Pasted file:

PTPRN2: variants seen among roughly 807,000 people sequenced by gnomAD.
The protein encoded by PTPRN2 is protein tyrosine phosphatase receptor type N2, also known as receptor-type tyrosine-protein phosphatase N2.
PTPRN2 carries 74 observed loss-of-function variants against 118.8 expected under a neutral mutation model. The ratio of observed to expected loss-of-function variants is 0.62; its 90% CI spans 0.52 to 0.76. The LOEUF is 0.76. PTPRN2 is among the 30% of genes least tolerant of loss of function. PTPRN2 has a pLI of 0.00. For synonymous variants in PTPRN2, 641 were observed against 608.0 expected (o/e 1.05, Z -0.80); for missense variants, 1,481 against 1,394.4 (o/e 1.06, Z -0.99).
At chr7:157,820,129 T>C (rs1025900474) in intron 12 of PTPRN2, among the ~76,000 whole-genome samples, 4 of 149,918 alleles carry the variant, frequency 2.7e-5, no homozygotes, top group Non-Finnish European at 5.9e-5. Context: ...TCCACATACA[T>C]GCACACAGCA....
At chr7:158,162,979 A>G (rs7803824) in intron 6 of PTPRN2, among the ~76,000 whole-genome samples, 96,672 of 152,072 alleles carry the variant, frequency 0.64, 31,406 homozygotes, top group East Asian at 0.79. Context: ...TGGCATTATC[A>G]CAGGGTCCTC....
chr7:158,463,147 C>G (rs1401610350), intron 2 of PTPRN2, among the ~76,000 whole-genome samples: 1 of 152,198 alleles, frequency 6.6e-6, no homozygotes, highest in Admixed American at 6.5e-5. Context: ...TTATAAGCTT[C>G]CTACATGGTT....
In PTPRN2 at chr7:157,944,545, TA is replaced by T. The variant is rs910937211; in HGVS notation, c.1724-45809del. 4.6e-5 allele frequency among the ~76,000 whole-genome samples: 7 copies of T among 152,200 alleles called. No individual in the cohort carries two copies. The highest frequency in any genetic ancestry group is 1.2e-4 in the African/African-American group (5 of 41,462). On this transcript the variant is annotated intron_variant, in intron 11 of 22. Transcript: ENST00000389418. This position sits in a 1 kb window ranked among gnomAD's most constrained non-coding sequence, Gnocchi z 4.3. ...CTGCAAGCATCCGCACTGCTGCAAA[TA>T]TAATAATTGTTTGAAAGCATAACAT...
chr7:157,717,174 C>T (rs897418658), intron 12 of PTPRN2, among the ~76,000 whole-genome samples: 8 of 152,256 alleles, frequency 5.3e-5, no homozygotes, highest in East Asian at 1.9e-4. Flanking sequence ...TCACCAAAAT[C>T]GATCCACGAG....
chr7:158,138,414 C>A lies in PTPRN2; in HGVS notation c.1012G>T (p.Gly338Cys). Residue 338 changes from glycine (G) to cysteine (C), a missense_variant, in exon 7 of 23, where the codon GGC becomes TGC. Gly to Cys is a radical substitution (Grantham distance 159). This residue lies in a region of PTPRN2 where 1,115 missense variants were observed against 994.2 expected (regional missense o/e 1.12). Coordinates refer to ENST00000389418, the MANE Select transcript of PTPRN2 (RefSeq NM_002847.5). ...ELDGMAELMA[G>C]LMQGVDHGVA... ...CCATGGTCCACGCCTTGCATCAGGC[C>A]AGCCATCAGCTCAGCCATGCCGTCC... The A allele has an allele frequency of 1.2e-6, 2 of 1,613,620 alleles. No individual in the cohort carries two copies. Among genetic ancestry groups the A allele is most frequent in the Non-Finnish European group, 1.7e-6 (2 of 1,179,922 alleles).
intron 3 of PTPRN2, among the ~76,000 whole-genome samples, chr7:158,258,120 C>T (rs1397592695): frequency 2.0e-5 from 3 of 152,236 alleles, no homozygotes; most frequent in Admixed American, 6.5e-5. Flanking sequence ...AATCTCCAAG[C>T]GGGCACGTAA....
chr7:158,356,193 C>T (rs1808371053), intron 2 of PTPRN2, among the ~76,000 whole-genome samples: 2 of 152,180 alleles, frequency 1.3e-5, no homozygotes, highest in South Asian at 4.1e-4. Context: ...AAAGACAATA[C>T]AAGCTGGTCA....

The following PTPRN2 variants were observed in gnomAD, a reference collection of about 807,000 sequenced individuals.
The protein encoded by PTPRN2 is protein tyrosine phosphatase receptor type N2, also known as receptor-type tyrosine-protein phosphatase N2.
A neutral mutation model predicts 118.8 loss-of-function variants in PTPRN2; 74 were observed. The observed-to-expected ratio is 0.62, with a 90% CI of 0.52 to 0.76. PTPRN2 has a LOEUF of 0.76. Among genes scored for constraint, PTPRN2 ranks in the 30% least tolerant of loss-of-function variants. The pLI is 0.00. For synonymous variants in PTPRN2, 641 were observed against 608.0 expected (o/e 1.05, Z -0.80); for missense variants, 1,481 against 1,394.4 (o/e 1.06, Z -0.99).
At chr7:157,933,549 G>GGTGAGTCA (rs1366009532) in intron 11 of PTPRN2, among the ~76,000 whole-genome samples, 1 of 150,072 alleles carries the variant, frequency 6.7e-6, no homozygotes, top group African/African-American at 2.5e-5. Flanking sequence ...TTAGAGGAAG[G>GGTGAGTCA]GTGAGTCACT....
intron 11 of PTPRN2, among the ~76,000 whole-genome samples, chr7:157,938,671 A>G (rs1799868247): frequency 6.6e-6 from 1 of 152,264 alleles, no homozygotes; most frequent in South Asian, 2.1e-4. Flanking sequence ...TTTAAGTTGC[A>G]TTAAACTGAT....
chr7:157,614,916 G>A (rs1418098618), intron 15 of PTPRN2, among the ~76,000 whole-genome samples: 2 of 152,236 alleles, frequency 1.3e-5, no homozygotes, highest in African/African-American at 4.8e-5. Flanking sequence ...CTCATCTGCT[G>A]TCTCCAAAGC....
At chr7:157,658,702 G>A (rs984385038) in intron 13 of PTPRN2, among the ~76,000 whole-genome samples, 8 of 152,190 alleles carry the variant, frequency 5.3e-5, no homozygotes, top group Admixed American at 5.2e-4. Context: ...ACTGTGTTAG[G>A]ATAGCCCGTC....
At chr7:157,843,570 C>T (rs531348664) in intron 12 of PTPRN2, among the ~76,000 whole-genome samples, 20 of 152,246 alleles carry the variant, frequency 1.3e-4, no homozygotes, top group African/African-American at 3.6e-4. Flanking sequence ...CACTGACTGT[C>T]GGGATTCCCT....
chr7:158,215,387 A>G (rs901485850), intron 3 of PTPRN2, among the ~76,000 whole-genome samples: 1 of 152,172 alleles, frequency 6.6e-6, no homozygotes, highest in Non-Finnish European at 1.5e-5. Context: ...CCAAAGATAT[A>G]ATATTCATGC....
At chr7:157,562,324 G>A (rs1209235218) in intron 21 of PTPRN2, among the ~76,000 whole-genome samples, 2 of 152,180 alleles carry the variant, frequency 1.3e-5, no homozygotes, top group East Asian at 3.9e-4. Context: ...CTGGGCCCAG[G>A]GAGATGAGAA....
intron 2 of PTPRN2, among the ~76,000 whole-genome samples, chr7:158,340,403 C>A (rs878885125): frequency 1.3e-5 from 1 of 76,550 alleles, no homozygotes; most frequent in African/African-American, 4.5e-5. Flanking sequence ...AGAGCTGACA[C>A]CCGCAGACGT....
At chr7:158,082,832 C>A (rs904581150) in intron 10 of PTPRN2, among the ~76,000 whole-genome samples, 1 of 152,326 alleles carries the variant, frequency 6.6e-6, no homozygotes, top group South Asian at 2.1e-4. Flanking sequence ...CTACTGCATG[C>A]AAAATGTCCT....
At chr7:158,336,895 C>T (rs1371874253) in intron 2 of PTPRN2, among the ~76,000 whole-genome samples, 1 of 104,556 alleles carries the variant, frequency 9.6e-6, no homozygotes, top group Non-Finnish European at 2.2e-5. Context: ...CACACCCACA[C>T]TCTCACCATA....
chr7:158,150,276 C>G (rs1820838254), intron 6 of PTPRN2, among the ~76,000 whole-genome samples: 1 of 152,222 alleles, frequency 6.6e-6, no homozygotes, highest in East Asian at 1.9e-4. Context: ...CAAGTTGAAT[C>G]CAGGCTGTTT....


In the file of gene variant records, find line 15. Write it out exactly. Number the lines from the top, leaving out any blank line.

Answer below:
At chr7:157,933,549 G>GGTGAGTCA (rs1366009532) in intron 11 of PTPRN2, among the ~76,000 whole-genome samples, 1 of 150,072 alleles carries the variant, frequency 6.7e-6, no homozygotes, top group African/African-American at 2.5e-5. Flanking sequence ...TTAGAGGAAG[G>GGTGAGTCA]GTGAGTCACT....